Never under estimate the federal government's power for discovering the obvious. A newly released study showed that students in poor neighborhoods are frequently taught by low-paid rookie teachers who move on as they gain experience. The quote below from the New York Times is priceless. Everyone in America knew that poor schools had the most inexperienced and often poor teachers. Is there some conspiracy to deprive these children of a quality education? Maybe, but the single best explanation is that good teachers don't want to teach children who "don't want to learn." I put the last four words in quotation marks because a number of elite schools have demonstrated that these children can make significant progress, and many go on to college in these exceptional schools.
Until now, however, researchers lacked nationwide data to prove it. That changed Wednesday when the Department of Education released a 78-page report. Its conclusion: Tens of thousands of schools serving low-income students are being shortchanged because districts spend fewer state and local dollars on teacher salaries in those schools than on salaries in schools serving higher-income students.
Unfortunately, the schools led by exceptional educators and backed up by the best teachers are rare exceptions. It's not just a matter of salary or experience. The conditions under which a teacher has to work are extremely important. Most of the poor children go to schools, which are the oldest and most dilapidated in each school district. If school districts weren't able to keep up all the maintenance in the past, and build new schools when necessary, it is going to be more difficult in the future when monies are going to be tight tightly budgeted. With so many people are out of work and/or owning homes that are worth less than they paid for them, they are not going to vote for increases in taxes to provide more money for the schools.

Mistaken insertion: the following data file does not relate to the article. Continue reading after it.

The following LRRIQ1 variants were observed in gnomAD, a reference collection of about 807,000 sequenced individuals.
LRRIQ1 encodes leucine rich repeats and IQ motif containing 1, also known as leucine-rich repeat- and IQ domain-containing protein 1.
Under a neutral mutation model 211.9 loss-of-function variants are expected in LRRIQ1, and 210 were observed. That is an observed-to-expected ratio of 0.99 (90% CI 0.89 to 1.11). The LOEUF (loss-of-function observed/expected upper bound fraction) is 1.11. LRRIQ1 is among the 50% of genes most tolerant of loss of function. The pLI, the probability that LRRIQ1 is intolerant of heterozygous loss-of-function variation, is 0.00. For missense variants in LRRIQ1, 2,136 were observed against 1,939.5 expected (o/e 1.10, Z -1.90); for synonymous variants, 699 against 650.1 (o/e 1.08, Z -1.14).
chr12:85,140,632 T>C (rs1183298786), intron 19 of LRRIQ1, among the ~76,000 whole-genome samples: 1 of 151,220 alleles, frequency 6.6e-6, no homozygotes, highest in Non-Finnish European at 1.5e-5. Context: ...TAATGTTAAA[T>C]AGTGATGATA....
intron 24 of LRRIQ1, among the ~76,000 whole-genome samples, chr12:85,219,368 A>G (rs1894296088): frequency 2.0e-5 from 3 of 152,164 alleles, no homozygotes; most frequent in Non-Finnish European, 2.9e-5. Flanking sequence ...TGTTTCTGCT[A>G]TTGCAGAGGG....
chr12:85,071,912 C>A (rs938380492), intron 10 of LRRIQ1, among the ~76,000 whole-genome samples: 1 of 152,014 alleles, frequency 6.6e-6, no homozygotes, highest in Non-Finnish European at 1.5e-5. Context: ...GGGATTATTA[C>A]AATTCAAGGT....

If you are an experienced teacher with demonstrated competence and seniority, would you rather work in an old rundown school with rust and mildew, or, in one of the districts where the schools have all the bells and whistles? Would you rather teach children who are frequently underfed, often neglected, and have little motivation to learn, or teach motivated children wanting to learn, well fed, and cared for by their parents who expect them to go to college? Don't reach for your pencils these are rhetorical questions.
The report went on to document that the problems began in 1965 with the passage of the Elementary and Secondary Education Act, which channels money to educate poor children. The report cites a loophole that allowed school systems to report educator salaries on a district wide basis, which masked the difference between schools with low-income children and those with middle or upper middle class incomes. That's another surprise. Can you imagine people working the system for Washington? Ask the bankers. Maybe they could load the school districts the money lady..